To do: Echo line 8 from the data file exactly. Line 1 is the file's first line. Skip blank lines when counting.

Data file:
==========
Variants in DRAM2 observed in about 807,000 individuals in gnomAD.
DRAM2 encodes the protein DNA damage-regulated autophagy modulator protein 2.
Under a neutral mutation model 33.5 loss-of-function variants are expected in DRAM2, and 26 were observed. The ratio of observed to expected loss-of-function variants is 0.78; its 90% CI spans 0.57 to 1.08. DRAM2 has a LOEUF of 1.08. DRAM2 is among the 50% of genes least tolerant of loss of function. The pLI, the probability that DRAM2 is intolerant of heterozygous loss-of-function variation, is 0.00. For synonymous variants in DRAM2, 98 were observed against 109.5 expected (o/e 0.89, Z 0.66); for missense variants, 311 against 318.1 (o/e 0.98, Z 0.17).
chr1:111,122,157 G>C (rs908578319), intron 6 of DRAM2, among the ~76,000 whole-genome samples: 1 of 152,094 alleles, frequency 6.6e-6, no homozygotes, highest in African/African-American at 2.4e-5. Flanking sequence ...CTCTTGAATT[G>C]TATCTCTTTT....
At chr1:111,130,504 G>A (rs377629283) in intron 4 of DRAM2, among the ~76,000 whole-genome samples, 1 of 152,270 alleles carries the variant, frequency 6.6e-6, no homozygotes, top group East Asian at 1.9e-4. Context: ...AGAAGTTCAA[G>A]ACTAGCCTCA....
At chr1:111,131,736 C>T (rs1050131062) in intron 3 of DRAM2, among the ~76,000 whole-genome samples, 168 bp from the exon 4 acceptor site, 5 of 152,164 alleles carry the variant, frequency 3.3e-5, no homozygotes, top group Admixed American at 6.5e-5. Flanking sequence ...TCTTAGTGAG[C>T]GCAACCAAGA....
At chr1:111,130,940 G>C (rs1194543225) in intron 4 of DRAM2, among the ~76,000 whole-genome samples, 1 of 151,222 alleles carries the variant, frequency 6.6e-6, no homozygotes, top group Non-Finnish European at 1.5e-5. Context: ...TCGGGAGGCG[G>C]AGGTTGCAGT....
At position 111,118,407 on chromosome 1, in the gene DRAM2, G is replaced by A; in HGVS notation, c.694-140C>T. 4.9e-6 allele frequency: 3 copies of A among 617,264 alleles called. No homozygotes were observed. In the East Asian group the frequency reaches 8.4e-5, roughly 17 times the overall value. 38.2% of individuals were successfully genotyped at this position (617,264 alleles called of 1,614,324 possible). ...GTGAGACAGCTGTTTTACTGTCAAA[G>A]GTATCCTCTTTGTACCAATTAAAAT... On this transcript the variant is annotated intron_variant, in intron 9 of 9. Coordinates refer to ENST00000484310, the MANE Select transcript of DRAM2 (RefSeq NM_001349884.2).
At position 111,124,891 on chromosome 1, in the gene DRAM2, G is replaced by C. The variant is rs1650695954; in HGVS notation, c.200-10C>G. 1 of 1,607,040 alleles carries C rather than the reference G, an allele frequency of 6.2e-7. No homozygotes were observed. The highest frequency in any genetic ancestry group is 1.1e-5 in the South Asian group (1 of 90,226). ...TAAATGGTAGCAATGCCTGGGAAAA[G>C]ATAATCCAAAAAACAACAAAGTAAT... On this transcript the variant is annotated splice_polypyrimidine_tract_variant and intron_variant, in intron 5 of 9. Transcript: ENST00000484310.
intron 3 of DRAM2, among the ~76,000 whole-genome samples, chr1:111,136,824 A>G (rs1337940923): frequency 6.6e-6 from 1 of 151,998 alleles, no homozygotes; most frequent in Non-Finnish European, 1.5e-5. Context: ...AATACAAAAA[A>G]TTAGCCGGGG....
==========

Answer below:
At position 111,118,407 on chromosome 1, in the gene DRAM2, G is replaced by A; in HGVS notation, c.694-140C>T. 4.9e-6 allele frequency: 3 copies of A among 617,264 alleles called. No homozygotes were observed. In the East Asian group the frequency reaches 8.4e-5, roughly 17 times the overall value. 38.2% of individuals were successfully genotyped at this position (617,264 alleles called of 1,614,324 possible). ...GTGAGACAGCTGTTTTACTGTCAAA[G>A]GTATCCTCTTTGTACCAATTAAAAT... On this transcript the variant is annotated intron_variant, in intron 9 of 9. Coordinates refer to ENST00000484310, the MANE Select transcript of DRAM2 (RefSeq NM_001349884.2).